What's the big deal? The thing is, this wasn't my first rodeo...or Ragnar. It was actually my 3rd, but I'm sure my friends aren't counting as closely as I am. In fact, I have a "Running Resume" note saved to Facebook so I can refer back to it from time to time and check in on my #40by40 goal. (That's 40 races of 13.1 miles or greater, by the time I'm 40 years old. Currently at 27, this deadline is coming up faster than I like to think about...)
So, I had a random thought today..."why not write a blog post" to explain the terrible and wonderful reasons that I run, both long distances and in general. I get so many "you're crazy" and "why would you do something like that" questions, that I thought it would be good to share.
Note: I stole the title from a great comic artist (and runner) Matthew Inman. You can see his hilarious (and very true) comic representation of what I'm about to personally describe here: http://theoatmeal.com/comics/running. *And in case you're wondering, yes I've run the "Beat the Blerch" race too!
I've been running for nearly a decade, after spending much of my life as a non-active person. I did everything I could to avoid PhysEd classes in school, I opted for library aid, study aid, any aid I could be other than having to physically exert myself in front of other people. I was awkward, and uncoordinated. I loved playing outside with my actual friends on the weekend, and especially when I was able to spend long days at the dog lot where my dad trained and raced Alaskan Huskies. So, in 2008, I came across one of those Team in Training pamphlets announcing that I, too, could complete a marathon. I went to the seminar and was hooked. It was perfect timing as I had just started working for a running company, and had also lost a dear family member. With TnT I could get in shape, raise money, and feel a purpose behind the activity.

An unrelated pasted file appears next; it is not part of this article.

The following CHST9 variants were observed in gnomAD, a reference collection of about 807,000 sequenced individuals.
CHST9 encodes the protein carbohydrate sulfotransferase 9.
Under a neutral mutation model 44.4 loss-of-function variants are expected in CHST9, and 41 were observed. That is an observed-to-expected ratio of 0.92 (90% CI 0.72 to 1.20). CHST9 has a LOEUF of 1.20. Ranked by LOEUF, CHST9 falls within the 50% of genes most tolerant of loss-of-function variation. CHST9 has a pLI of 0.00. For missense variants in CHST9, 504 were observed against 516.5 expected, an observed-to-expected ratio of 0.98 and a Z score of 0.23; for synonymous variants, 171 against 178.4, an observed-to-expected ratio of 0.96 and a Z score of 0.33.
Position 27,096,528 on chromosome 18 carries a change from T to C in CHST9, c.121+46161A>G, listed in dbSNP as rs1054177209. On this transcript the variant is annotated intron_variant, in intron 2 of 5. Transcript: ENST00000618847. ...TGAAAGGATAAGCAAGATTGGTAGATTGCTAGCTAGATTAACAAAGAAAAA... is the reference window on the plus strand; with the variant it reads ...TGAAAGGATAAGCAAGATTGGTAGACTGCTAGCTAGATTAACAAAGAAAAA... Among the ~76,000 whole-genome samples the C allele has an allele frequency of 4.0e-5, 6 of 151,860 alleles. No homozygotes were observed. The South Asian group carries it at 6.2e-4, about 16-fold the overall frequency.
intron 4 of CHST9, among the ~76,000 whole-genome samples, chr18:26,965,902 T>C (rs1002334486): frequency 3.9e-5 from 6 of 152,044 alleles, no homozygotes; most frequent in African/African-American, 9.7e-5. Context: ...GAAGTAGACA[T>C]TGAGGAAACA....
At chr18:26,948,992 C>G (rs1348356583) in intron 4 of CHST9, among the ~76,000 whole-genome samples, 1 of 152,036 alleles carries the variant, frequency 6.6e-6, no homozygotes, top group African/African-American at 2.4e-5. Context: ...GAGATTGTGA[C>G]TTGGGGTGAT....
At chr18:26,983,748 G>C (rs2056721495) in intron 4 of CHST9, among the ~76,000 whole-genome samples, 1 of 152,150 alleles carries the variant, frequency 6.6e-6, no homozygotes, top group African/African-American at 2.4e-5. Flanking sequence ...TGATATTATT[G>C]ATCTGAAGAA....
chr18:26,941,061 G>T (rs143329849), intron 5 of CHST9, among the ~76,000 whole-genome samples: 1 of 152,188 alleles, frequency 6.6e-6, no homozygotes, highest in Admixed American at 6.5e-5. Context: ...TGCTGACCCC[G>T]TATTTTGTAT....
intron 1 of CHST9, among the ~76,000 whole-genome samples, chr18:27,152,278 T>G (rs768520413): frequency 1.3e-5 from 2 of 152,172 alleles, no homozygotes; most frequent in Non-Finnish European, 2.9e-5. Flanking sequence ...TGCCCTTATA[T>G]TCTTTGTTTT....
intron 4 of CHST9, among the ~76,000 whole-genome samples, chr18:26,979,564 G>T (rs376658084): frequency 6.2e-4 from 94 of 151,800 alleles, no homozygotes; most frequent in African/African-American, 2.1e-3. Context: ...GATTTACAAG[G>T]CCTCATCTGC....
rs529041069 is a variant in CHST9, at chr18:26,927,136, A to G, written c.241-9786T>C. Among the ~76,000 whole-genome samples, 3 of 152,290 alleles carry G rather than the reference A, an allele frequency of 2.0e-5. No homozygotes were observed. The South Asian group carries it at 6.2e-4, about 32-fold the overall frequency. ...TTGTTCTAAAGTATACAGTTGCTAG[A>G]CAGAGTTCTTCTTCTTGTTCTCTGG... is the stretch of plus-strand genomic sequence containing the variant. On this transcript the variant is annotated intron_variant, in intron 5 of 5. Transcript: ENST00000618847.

We won't go through every struggle and set back I had in those first few years of running, but I did figure something out very quickly: running = clarity. Running was a catalyst for many changes that were to come over the next 9 years. It made me strong enough to weather the storms and celebrate the victories. No matter how slow I went, I still put in the miles. I still worked hard. Running helped to show me that I could get through anything, just like I plugged through yet another 0.1 mile at the end of those 13 to cross the finish line.
In becoming a runner, my partner at the time finally felt like I was strong enough to accept the fact that our marriage was broken. He saw me grow, shift, change as I became stronger physically. He saw me start going for the things that I wanted. I don't chalk ALL of this up to running, but for much of it I really do. You see, running gives you a lot of time to think. TnT training strongly suggested NOT using headphones and actually getting to know people on the team. And, if you can hold a conversation while running, you're pacing yourself in an appropriate manner. So, there's been 7 years of talking. Talking through problems with people I've come to call my closest friends. Talking through decisions while sweating out frustrations. And those times I did go solo - having the peace of mind to work through things in my head, without having to say a word. I learned that as angry as I was because of this, that or the other...I could go for a run and come home tired, but no longer pent up and angry. Running releases endorphins, it elevates your heart, and it really is almost impossible to start a run, and end a run angry. You can try, but it's likely not going to work out well.